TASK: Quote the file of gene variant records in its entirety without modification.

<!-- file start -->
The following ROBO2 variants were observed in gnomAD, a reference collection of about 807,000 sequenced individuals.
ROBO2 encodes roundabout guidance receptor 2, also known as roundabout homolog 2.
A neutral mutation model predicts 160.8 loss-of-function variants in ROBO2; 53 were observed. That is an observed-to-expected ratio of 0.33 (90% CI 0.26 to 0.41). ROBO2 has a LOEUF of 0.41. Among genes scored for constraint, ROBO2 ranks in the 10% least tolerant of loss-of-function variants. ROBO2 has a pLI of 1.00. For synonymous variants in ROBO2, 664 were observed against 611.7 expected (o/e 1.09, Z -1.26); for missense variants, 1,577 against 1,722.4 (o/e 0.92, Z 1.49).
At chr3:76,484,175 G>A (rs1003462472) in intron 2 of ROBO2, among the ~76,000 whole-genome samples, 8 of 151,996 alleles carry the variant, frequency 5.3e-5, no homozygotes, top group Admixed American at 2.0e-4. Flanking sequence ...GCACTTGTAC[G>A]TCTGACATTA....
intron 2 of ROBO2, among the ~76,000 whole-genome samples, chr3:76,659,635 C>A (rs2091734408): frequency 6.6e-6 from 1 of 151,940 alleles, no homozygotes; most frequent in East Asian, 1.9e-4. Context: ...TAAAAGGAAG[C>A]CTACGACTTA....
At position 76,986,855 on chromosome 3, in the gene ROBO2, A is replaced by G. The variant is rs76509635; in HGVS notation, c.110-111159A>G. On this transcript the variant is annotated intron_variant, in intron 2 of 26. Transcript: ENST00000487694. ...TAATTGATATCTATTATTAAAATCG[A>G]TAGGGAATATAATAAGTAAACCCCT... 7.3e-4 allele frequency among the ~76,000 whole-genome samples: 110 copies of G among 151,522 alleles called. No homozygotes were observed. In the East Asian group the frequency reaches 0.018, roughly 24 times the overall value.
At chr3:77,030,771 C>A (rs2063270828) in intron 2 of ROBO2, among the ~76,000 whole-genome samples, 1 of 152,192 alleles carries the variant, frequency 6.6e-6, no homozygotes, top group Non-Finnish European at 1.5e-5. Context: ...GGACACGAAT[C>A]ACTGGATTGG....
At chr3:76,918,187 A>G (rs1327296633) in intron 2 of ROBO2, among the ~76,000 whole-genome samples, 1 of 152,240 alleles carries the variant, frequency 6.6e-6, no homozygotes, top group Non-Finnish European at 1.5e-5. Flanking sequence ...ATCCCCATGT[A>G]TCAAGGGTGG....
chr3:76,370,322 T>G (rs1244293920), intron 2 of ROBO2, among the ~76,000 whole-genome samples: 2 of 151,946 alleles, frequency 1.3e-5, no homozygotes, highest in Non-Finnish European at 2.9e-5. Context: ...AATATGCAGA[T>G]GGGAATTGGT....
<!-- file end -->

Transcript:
The following ROBO2 variants were observed in gnomAD, a reference collection of about 807,000 sequenced individuals.
ROBO2 encodes roundabout guidance receptor 2, also known as roundabout homolog 2.
A neutral mutation model predicts 160.8 loss-of-function variants in ROBO2; 53 were observed. That is an observed-to-expected ratio of 0.33 (90% CI 0.26 to 0.41). ROBO2 has a LOEUF of 0.41. Among genes scored for constraint, ROBO2 ranks in the 10% least tolerant of loss-of-function variants. ROBO2 has a pLI of 1.00. For synonymous variants in ROBO2, 664 were observed against 611.7 expected (o/e 1.09, Z -1.26); for missense variants, 1,577 against 1,722.4 (o/e 0.92, Z 1.49).
At chr3:76,484,175 G>A (rs1003462472) in intron 2 of ROBO2, among the ~76,000 whole-genome samples, 8 of 151,996 alleles carry the variant, frequency 5.3e-5, no homozygotes, top group Admixed American at 2.0e-4. Flanking sequence ...GCACTTGTAC[G>A]TCTGACATTA....
intron 2 of ROBO2, among the ~76,000 whole-genome samples, chr3:76,659,635 C>A (rs2091734408): frequency 6.6e-6 from 1 of 151,940 alleles, no homozygotes; most frequent in East Asian, 1.9e-4. Context: ...TAAAAGGAAG[C>A]CTACGACTTA....
At position 76,986,855 on chromosome 3, in the gene ROBO2, A is replaced by G. The variant is rs76509635; in HGVS notation, c.110-111159A>G. On this transcript the variant is annotated intron_variant, in intron 2 of 26. Transcript: ENST00000487694. ...TAATTGATATCTATTATTAAAATCG[A>G]TAGGGAATATAATAAGTAAACCCCT... 7.3e-4 allele frequency among the ~76,000 whole-genome samples: 110 copies of G among 151,522 alleles called. No homozygotes were observed. In the East Asian group the frequency reaches 0.018, roughly 24 times the overall value.
At chr3:77,030,771 C>A (rs2063270828) in intron 2 of ROBO2, among the ~76,000 whole-genome samples, 1 of 152,192 alleles carries the variant, frequency 6.6e-6, no homozygotes, top group Non-Finnish European at 1.5e-5. Context: ...GGACACGAAT[C>A]ACTGGATTGG....
At chr3:76,918,187 A>G (rs1327296633) in intron 2 of ROBO2, among the ~76,000 whole-genome samples, 1 of 152,240 alleles carries the variant, frequency 6.6e-6, no homozygotes, top group Non-Finnish European at 1.5e-5. Flanking sequence ...ATCCCCATGT[A>G]TCAAGGGTGG....
chr3:76,370,322 T>G (rs1244293920), intron 2 of ROBO2, among the ~76,000 whole-genome samples: 2 of 151,946 alleles, frequency 1.3e-5, no homozygotes, highest in Non-Finnish European at 2.9e-5. Context: ...AATATGCAGA[T>G]GGGAATTGGT....